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'Machete' Director Admits He Went Too Far; 'Race War' Scenes to Be Cut
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Alex Jones responds to developments in the controversy over the racially incendiary Austin-produced film 'Machete.'
Director Robert Rodriguez has backed off from the fiery rhetoric of his Cinco de Mayo-released trailer bearing a "Message for Arizona," which gave viewers a glimpse at the coming "Mexploitation" film. His statement came after a barrage of media prodding and questioning the backing he and TroubleMaker Studios have received.
The Texas Film Commission launched a tax incentive program for state-side filmmakers. Robert Rodriguez hosted the press conference for the bill, proudly thanking Gov. Rick Perry and other politicians for enabling his production to take place in Texas and receive tens of millions of benefits to qualifying films.
The program has been controversial however, as the Commission and Texas Legislature have set in place a system whereby films are selectively approved for funding-- and where films deemed to 'make Texas look bad' are denied funding. While Rodriguez announces 'guaranteed' funding for his films, including the racially-tinged 'Machete,' the 2010 film "Waco" was denied Texas Film Commission benefits for covering a subject that might cast a bad light on history. The hypocrisy of this policy has been noted and widely criticized.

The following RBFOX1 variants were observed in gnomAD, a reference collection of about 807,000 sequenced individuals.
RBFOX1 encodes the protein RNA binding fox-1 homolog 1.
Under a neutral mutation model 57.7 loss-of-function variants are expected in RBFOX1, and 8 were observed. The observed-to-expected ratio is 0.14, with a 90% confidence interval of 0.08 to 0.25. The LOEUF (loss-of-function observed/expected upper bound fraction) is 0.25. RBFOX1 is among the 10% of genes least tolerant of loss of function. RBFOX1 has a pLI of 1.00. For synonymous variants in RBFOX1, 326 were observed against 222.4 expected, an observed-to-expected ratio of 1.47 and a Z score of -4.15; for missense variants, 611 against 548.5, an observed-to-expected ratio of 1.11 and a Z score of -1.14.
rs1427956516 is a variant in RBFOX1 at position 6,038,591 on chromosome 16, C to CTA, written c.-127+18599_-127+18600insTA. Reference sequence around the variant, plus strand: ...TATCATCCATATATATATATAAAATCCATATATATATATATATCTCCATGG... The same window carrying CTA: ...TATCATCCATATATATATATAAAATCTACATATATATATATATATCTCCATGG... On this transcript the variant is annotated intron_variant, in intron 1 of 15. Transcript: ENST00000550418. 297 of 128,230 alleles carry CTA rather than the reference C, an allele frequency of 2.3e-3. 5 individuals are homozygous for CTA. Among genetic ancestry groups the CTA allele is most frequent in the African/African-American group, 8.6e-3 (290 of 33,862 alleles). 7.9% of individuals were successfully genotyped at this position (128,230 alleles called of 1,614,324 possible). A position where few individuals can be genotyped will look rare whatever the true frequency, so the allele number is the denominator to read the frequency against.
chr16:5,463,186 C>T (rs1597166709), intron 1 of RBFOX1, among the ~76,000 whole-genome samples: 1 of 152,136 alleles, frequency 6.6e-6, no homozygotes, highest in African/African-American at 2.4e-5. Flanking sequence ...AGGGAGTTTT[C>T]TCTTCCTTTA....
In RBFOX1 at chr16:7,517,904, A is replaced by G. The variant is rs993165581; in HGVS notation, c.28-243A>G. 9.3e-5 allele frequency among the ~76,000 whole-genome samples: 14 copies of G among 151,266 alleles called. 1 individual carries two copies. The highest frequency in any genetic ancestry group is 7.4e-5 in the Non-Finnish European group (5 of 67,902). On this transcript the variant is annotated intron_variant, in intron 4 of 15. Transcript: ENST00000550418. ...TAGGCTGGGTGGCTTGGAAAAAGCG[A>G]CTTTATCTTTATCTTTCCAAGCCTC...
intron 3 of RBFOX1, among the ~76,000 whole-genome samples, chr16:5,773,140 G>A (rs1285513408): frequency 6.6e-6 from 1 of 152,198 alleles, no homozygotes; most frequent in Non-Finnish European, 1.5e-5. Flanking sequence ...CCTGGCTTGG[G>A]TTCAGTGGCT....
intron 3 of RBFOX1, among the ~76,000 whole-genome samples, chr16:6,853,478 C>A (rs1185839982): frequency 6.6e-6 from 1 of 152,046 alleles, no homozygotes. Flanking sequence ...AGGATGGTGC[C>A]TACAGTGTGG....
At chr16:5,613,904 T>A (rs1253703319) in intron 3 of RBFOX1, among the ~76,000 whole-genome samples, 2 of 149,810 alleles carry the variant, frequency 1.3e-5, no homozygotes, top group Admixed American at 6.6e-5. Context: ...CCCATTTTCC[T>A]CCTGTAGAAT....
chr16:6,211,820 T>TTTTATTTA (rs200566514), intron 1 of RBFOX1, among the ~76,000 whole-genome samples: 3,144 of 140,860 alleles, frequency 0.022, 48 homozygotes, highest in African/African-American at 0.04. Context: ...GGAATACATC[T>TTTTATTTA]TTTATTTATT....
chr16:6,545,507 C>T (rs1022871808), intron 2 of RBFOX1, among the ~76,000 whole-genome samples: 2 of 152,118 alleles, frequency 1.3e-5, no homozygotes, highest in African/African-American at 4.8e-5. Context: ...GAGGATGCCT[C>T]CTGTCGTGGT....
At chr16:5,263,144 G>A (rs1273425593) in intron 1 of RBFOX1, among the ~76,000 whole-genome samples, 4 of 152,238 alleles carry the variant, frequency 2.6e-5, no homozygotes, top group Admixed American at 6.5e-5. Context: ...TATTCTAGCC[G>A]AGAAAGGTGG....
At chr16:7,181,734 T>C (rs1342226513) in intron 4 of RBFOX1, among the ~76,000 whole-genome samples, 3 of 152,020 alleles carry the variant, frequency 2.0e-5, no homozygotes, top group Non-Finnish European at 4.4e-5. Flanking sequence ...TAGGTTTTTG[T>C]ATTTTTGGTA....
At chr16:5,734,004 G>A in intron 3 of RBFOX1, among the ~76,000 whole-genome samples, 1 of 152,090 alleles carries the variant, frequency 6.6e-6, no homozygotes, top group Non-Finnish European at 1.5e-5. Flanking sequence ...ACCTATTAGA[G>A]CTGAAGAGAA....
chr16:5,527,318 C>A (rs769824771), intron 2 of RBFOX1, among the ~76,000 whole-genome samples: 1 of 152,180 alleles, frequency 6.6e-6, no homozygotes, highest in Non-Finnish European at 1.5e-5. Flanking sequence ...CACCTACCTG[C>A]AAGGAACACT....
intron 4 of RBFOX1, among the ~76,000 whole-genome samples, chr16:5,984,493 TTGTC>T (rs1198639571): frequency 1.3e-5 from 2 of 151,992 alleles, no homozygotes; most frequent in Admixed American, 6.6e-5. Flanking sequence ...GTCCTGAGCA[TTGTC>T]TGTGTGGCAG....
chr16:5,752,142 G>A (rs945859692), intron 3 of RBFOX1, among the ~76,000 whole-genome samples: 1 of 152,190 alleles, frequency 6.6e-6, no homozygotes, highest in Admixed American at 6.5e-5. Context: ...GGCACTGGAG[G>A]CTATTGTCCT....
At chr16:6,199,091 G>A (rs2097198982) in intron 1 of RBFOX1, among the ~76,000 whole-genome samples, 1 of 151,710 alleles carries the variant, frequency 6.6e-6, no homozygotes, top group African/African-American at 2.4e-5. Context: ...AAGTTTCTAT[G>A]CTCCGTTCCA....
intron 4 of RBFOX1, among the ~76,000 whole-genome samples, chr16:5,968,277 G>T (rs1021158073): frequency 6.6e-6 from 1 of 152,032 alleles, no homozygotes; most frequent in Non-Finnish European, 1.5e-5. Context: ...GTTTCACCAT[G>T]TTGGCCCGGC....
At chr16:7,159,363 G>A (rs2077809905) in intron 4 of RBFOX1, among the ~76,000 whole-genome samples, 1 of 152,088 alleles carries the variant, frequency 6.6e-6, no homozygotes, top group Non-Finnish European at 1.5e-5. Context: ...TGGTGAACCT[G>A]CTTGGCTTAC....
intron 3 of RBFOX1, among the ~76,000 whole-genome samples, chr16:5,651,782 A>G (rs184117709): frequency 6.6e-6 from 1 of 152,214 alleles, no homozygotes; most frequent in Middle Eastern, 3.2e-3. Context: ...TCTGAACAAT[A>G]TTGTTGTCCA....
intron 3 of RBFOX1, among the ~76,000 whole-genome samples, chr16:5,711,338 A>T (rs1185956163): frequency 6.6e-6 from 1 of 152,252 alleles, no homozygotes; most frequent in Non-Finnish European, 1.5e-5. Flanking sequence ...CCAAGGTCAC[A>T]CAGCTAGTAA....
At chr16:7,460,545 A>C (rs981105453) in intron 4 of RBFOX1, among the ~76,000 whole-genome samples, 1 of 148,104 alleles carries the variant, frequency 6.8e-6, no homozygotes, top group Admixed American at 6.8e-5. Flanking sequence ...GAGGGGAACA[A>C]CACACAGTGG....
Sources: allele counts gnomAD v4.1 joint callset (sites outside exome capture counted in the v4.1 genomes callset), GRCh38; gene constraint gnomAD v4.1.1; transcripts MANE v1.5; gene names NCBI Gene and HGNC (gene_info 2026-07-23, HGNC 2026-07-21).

'Machete' has already partially radicalized the debate over immigration and border issues, particularly in Arizona. But Rodriguez told AintItCool News, who leaked the controversial trailer, that it did not accurately portray the final film. He claimed it was a 'hoax' trailer he blamed on "too much tequila" and a lapse in judgement.
Rodriguez acknowledged the script for the film, which has also leaked. Alex Jones took the film's message to task, paralleling the violent action of the trailer with the details of the script. It meshes the insult and persecution of illegal immigrants by native Texans with the righteous-- and even holy-- uprising of the Hispanic mob led by the blood-thirsty Machete.
Instead, Robert Rodriguez promised that the September release would prove to be "over the top satirical," comparing it to the stylistic bloodbath fellow-Grindhouse director Quentin Tarantino released in the 2009 fantasy-Nazi vengeance film "Inglourious Basterds." If that's a fair comparison, it's not much relief from fears of racially-motivated killings justified by a scripted rationale (i.e. Jews were wronged historically, so IF they could go back, they'd be justified in wanton execution of any-and-all Nazis).
Nevertheless, Rodriguez acknowledged the fierce criticism of his film, "admitting that there were a few scenes that [had] become so real in the past month" due to their similarity to current events in Arizona. Those parts, he promises, will be a "fascinating case study for the DVD extras."
- Category: Flag video